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2 Times Staffers Share Pulitzer for Beat Reporting

Honors: Stories on entertainment-industry corruption cited. Washington Post wins public-service award.

April 13, 1999|DAVID SHAW | TIMES STAFF WRITER

Their Sept. 27 "Sunday Report" on "hotel detoxes"--Westside luxury hotels used for drug "treatment"--disclosed that one reason powerful figures in the entertainment industry are unable to kick the drug habit is that they rely on untested therapies designed more to gratify their expensive tastes and desire for comfort than to subject them to the grueling regimen of legitimate treatment.

Philips' and Hiltzik's third project in their prize-winning entry exposed the reemergence of payola, illicit payments for radio airplay of new recordings. Payola was outlawed after a series of scandals in the 1960s, but they showed that it had returned under a new guise--radio conglomerates forcing performers to appear for free at promotional concerts in return for airplay.

Runners-Up Also Cited

In addition to announcing the winners, the Pulitzer office Monday announced two runners-up--finalists--in each category. Several newspapers that won Pulitzers also had finalists in other categories. The Washington Post had five runners-up--one each in beat reporting, feature writing, international reporting, criticism and editorial writing.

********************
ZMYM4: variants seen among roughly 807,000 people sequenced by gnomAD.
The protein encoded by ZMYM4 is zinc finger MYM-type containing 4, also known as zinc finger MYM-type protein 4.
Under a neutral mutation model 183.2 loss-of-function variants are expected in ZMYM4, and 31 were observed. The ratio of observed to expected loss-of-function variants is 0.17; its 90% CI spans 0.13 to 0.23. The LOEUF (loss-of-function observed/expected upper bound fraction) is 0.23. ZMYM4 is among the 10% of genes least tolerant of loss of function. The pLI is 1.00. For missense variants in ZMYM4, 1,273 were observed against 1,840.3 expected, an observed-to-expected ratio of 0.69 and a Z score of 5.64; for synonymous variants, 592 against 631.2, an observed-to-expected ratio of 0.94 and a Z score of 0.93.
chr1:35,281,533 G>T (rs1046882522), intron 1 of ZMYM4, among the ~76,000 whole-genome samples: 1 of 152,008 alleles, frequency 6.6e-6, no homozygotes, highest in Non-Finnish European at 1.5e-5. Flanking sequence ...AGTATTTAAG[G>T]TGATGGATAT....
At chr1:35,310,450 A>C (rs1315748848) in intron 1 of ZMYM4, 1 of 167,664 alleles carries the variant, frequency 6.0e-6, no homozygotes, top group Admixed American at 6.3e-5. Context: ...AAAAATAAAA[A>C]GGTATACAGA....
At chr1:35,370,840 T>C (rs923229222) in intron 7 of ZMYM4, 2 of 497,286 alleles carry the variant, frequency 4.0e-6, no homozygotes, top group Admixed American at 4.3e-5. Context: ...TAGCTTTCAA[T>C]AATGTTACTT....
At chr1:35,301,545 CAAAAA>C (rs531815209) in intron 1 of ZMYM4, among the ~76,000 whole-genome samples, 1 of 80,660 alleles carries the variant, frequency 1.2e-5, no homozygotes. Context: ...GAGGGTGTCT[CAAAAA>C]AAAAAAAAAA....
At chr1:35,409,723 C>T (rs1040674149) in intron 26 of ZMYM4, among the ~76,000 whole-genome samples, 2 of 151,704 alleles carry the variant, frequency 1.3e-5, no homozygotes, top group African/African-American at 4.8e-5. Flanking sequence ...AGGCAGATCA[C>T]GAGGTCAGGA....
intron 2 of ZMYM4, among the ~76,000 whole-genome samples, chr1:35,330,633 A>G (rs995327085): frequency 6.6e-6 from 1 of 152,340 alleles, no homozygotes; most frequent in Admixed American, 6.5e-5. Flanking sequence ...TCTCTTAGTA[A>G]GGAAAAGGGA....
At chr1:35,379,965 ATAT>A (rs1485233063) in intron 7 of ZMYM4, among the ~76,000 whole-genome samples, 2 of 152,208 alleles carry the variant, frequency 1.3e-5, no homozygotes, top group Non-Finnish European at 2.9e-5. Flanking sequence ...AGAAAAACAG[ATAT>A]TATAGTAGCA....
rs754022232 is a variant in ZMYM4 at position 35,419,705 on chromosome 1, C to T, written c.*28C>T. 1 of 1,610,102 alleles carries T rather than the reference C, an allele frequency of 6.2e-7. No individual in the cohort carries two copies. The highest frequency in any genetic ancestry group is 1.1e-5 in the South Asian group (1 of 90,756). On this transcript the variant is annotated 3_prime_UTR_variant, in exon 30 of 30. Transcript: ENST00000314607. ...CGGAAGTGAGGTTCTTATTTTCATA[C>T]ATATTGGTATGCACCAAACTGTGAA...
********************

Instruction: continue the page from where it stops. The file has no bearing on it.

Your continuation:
Lawrence C. Levy of Newsday on Long Island, another Times Mirror newspaper, was a finalist in editorial writing. Newsday's music critic, Justin Davidson, was a finalist in criticism for his "fresh and vivid writing on classical music and its makers." And Daniel A. Anderson of the Orange County Register was a finalist in feature photography.

Each Pulitzer, except the one for public service, carries with it a $5,000 cash award. The awards will be presented May 24 in New York.

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The Pulitzer Prize-winning stories by staff writers Chuck Philips and Michael Hiltzik are available on The Times' Web site: http://www.latimes.com/pulitzers

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